Equipment Type

John Deere Customers Help Shape D-Series Loaders

Upon visiting John Deere Construction’s Web site, you’ll be entertained by a virtual skid steer sitting inside a suggestion box, complete with interactive notes to click on and see what customers asked for in the way of improvements for Deere’s D Series skid steers and CTLs.

January 29, 2010

John Deere D Series Loaders



D-Series cabs are larger and quieter than predecessor machines, with increased visibility, improved HVAC system, larger door opening and more.
Upon visiting John Deere Construction’s Web site, you’ll be entertained by a virtual skid steer sitting inside a suggestion box, complete with interactive notes to click on and see what customers asked for in the way of improvements for Deere’s D Series skid steers and CTLs. The company says the product launch results from years of research and partnering with skid-steer owners and operators from around the world.


 


 


“We’ve listened to what customers told us they wanted in skid steer and compact track loaders, and we’ve responded with nine new models that incorporate their suggestions,” says Gregg Zupancic, Deere product marketing manager for the products.



 


 


New skid steers include models 318D, 320D, 326D, 328D and 332D, with net-horsepower ratings of 58 to 89; rated operating loads from 1,800 to 3,200 pounds; and tipping loads from 3,600 to 6,400 pounds. The new 319D, 323D, 329D and 333D compact track loaders have a horsepower range of 58 to 89 and rated operating capacity of 1,900 to 3,300 pounds. Tipping loads range from 5,600 to 9,425 pounds.


 


According to Deere, one of the most dramatic differences in the D-Series is the cab. Customers asked for larger, more comfortable cabs, and Deere answered with 24 percent more room overall and 6 more inches of headroom than predecessor machines. The cabs also offer a 50-percent noise reduction inside and out resulting not only from improved sound absorption, but also a hydraulic fan drive, auto-idle feature, and new electronically controlled Tier 3/interim Tier 4 PowerTechE diesel engines. Deere claims best-in-class visibility as well, with 100-percent more front glass and 50-percent larger top window and lower side windows. In addition, HVAC directs 50 percent more air flow and 30 percent more heat for improved operator comfort.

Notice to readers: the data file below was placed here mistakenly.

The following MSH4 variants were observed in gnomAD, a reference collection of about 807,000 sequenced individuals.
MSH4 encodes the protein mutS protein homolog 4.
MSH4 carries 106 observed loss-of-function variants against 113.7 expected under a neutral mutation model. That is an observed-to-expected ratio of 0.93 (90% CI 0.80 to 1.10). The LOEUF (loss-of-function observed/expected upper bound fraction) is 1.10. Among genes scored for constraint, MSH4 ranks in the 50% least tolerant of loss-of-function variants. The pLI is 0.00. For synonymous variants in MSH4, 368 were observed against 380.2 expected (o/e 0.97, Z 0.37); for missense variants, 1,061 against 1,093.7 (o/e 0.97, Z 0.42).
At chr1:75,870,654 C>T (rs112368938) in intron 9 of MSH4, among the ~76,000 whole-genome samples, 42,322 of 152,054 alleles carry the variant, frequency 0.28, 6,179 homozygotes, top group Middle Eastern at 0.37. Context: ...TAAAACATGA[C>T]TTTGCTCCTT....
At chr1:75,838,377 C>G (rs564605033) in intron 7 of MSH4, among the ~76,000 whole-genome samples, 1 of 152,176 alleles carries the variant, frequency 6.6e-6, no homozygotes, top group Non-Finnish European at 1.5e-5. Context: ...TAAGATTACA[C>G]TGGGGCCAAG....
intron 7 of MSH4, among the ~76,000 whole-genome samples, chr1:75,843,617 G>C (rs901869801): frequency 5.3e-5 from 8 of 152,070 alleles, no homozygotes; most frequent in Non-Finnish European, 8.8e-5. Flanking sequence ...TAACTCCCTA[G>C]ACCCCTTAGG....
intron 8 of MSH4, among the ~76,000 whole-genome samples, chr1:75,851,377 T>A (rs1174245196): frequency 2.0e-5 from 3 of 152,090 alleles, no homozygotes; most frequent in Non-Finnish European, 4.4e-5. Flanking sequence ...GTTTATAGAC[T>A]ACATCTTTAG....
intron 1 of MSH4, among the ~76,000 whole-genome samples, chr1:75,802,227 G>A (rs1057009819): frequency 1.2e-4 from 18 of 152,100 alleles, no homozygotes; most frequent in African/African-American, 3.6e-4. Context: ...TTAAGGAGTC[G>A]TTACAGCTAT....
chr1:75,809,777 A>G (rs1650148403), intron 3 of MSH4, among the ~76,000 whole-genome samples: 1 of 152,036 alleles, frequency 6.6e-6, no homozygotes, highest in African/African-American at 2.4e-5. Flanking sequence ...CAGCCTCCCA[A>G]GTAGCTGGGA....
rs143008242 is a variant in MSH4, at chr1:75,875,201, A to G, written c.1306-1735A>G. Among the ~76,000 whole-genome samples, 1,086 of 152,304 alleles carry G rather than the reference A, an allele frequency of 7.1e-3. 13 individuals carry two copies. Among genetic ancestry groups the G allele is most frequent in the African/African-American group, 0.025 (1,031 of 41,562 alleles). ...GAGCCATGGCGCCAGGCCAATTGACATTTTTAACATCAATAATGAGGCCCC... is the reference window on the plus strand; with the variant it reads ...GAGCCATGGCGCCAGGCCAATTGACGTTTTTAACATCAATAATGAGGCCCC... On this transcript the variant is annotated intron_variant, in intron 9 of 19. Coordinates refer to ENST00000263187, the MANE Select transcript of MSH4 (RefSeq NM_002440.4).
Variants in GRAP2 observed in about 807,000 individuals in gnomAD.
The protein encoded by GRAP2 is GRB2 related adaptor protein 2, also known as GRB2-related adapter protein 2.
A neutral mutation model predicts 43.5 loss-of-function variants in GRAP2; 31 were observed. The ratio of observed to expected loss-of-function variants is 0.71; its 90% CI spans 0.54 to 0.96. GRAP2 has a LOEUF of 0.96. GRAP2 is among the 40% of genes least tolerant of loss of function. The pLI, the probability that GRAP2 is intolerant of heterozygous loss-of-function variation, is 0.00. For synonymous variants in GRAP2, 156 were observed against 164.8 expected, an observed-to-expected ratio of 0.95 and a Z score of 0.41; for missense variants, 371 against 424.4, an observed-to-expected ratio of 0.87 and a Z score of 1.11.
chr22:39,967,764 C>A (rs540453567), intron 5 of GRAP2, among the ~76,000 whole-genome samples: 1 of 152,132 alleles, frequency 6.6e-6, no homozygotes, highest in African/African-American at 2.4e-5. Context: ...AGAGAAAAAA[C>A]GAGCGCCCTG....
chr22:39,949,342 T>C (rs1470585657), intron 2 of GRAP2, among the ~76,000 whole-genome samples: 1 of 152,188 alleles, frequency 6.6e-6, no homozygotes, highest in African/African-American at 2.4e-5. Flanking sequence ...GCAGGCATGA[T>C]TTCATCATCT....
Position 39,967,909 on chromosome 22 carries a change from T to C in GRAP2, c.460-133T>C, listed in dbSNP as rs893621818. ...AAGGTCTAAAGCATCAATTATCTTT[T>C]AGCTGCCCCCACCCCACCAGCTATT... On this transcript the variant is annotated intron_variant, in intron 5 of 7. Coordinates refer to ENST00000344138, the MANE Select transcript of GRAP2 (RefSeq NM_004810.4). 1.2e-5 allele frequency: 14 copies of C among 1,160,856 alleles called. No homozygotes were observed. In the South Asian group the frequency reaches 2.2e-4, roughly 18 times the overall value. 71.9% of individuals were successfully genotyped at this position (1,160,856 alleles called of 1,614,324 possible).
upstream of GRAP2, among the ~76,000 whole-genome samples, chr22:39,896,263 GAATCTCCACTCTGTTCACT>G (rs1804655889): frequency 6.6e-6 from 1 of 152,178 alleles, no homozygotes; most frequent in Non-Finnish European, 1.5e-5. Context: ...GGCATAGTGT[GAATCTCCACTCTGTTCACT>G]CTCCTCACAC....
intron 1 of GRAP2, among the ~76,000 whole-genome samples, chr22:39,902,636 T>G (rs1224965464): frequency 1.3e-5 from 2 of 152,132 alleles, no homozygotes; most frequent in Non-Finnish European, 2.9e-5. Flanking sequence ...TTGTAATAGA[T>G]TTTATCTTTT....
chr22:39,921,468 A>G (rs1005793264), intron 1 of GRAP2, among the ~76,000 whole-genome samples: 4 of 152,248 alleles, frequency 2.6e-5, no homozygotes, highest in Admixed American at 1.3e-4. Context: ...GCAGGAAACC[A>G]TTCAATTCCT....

Three choices of controls are available on all D-Series machines. Foot controls come standard. Operators can also choose hands-only levers or electro hydraulic joysticks for steering, forward/reverse, and boom/bucket functions. Optional EH (electro hydraulic) Performance Package includes switchable controls from ISO to H pattern; creeper mode, allowing the operator to set wheel/track speed in 10-percent increments of top speed; and boom and bucket metering, with three settings.     



 


Other options include reversing hydraulic fan, which works with a computer program that monitors engine and hydraulic fluid temperatures to increase or decrease fan speed as necessary. The V-Plenum cooling system sports aluminum coolers that are larger, taller and positioned side by side. They are protected from air-blown debris damage because the fan is rearward of coolers, Deere says.  


Despite all the changes, D-Series units have retained many of the productivity features of the 300 Series such as planetary gear drives on the CTLs, “industry-leading” bucket roll-back and dump angles, and ease of maintenance.


Retail prices for the line range from $20,000 to $60,000.

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